A US Judge Erased a Chinese Company from the Web Because of Copyright

Judge Vernon Broderick exercised SOPA-like power in taking DVDFab off the internet.

|
Mar 11 2014, 10:20pm
Image: Wikimedia Commons

Hell hath no fury like a scorned movie industry. On March 4th, Judge Vernon Broderick, US District Court Judge for the Southern District of New York, ordered the seizure of DVD-ripping software company DVDFab's domains and funds. DVDFab, based in China, chose not to respond to the lawsuit filed by AACS (Advanced Access Content System, a digital rights consortium that includes Warner Brothers, Intel, Disney, and others) which factored into Broderick's decision. 

As explained by Torrent Freak, Chinese-based DVDFab sells its Digital Millennium Copyright Act-circumventing software through various domains and affiliates. By purchasing these tools, users can crack many of Hollywood's digital rights management (DRM) protections, from AACS's to Blu-Ray's copyright encryption, which is illegal under US law. To stop DVDFab's software sales, AACS sued the company in the Southern District of New York court, then filed a motion for preliminary junction against the company to stop sales immediately. Adding to its legal woes, DVDFab failed to appear in court for the hearing on the preliminary injunction.

Judge Broderick's court order was far from a routine preliminary injunction. DVDFab is ordered to hand over dozens of domains, merchandise, electronic files, computer files, business records, assets, operations, and various other possessions. Broderick then ordered the company to cease using all domains related to DVDFab. 

DVDFab is also ordered to stop using social media profiles on Twitter, Facebook, and YouTube, while domain name registries are required to disable DVDFab domains. Any third parties promoting or selling DVDFab products are also bound by the court order. Also, any payment systems, including PayPal, Visa, Mastercard, etc., are prevented from providing services to DVDFab. With one stroke of the pen, Judge Broderick exercised SOPA-like powers, virtually eliminating DVDFab's web presence before the legal process could fully play out.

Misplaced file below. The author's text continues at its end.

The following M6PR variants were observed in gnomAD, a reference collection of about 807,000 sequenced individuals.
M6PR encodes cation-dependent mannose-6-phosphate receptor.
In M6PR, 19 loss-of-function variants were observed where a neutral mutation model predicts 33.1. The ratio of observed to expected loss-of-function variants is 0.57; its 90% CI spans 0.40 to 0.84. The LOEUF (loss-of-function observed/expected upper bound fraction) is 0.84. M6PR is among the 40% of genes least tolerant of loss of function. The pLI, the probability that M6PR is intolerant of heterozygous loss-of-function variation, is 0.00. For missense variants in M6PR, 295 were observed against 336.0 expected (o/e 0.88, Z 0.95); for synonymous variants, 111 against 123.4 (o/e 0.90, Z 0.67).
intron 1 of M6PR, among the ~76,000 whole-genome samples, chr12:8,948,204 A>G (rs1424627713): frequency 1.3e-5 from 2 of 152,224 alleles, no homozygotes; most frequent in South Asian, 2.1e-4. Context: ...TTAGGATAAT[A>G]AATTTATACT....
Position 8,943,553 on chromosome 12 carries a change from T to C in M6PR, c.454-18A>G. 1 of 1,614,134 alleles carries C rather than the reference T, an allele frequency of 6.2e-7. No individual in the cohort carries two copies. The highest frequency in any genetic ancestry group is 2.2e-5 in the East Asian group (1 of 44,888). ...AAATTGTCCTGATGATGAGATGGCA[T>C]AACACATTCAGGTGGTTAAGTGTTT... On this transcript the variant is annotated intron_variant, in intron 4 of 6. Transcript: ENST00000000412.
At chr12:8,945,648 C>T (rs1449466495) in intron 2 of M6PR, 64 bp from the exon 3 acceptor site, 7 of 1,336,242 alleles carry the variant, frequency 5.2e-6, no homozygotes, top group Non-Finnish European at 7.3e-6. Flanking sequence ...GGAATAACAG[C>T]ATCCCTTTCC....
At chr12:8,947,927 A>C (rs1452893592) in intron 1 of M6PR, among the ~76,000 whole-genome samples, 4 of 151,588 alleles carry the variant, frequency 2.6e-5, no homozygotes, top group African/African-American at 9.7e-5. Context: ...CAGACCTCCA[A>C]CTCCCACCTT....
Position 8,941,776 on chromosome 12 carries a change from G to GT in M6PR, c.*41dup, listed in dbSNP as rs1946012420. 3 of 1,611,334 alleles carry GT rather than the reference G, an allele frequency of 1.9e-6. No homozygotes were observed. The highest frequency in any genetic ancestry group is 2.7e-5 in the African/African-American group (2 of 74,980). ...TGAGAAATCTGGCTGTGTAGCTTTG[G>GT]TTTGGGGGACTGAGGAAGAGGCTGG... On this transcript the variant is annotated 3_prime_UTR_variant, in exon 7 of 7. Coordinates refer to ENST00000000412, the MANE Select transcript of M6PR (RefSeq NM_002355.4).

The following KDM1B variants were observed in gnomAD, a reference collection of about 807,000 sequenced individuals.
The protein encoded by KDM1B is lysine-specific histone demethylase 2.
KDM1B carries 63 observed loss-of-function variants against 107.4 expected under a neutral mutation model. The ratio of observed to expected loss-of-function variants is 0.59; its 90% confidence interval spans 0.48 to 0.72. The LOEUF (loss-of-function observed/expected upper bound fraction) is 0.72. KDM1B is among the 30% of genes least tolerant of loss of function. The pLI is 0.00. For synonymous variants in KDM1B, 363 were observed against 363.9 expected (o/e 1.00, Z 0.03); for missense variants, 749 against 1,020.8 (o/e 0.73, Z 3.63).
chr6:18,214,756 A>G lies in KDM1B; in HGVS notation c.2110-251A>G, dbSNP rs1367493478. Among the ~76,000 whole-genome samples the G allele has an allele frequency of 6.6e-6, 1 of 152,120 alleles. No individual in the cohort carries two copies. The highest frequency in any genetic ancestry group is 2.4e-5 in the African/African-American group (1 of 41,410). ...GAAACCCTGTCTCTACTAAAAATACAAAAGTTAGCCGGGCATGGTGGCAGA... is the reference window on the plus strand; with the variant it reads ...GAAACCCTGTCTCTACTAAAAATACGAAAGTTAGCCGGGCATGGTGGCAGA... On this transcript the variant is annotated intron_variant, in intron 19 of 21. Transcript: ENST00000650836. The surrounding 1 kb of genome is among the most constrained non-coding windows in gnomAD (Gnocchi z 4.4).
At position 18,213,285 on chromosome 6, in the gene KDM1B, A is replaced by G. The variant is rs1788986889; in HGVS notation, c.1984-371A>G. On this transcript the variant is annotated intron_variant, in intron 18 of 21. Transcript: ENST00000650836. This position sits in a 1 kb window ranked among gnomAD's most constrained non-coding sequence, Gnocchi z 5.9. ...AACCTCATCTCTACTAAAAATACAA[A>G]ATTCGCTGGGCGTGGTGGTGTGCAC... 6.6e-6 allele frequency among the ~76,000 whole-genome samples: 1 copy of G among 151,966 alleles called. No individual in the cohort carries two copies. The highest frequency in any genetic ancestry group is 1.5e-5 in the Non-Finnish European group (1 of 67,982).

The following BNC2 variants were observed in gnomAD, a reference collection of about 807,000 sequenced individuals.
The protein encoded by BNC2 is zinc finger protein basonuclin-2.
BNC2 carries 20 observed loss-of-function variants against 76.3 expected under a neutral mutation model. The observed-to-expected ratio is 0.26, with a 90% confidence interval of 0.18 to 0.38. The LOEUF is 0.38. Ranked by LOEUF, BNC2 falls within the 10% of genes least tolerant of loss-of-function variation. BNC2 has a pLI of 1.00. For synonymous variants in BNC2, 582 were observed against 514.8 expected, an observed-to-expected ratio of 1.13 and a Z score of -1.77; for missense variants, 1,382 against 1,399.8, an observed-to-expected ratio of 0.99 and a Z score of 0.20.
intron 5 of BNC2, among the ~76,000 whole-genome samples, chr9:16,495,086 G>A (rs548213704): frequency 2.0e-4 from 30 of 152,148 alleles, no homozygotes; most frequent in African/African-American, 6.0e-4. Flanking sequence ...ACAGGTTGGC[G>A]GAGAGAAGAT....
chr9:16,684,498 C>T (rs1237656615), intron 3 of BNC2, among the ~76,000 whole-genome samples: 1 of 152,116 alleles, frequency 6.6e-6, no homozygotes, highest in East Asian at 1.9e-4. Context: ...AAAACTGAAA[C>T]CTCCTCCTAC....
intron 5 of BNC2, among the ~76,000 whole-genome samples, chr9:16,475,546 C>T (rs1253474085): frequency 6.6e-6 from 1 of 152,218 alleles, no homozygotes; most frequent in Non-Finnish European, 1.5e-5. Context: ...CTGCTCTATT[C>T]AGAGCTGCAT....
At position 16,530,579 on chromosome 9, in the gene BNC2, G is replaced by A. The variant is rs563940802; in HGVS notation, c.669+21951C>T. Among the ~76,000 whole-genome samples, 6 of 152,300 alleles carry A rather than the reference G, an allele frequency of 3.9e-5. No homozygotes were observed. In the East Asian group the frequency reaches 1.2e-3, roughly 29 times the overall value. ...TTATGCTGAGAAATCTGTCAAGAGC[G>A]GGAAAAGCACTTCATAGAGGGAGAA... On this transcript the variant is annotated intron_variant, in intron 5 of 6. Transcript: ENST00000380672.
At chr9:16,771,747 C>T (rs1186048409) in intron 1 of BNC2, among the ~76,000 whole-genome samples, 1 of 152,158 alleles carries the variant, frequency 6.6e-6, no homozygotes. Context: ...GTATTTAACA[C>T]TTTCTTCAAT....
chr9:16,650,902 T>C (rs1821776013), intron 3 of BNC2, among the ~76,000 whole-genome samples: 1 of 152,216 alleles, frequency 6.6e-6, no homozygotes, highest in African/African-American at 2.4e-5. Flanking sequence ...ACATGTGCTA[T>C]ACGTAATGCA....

This why SOPA was such a concern back in 2011, and why activists still fight its resurrection. Granted, in this case, it's fairly clear that a Chinese company willfully broke US law, then failed to defend itself in court. They were practically begging for a lawsuit, not to mention an injunction against selling their software. Even so, such a blanket erasure from the web is extremely rare, if unprecedented. It demonstrates the power of the copyright lobby, which makes no distinctions between the various ways DRM-decrypting software is used. It's all the same to the movie industry.

Not all DVD ripping is carried out to profit from privacy. Just as with CD ripping, some people simply want the ability to make a copy—whether physical or digital—of the product they own. One of its products, DVDFab SE, allows users to "copy, backup, burn, or clone any DVD the way you want." Say what you will, but copying DVDs to a computer hard drive is much more convenient than lugging a movie collection around in a backpack. 

f some individuals or groups use DVDFab to rip DVDs and sell them for profit, then it would seem domestic and international law enforcement should focus on those pirates instead of a software company, especially one that will be replaced soon enough in true whack-a-mole fashion. 

More worringly, the ruling shows how the defense of copyright now can mean complete erasure from the web. Judge Broderick and, indeed, Hollywood may believe they're doing the right thing. And, of course, there must be respect for Hollywood's desire to protect its copyrighted material against illegal profiteering.

But the future repercussions of this type of legal force could prove problematic. For new companies, such an injunction would likely be a death sentence, stifling innovation in the process. While DVDFab's no-show in court isn't defensible, it's not a stretch to think the same strategy will be used again. 

Read Judge Broderick's full court order here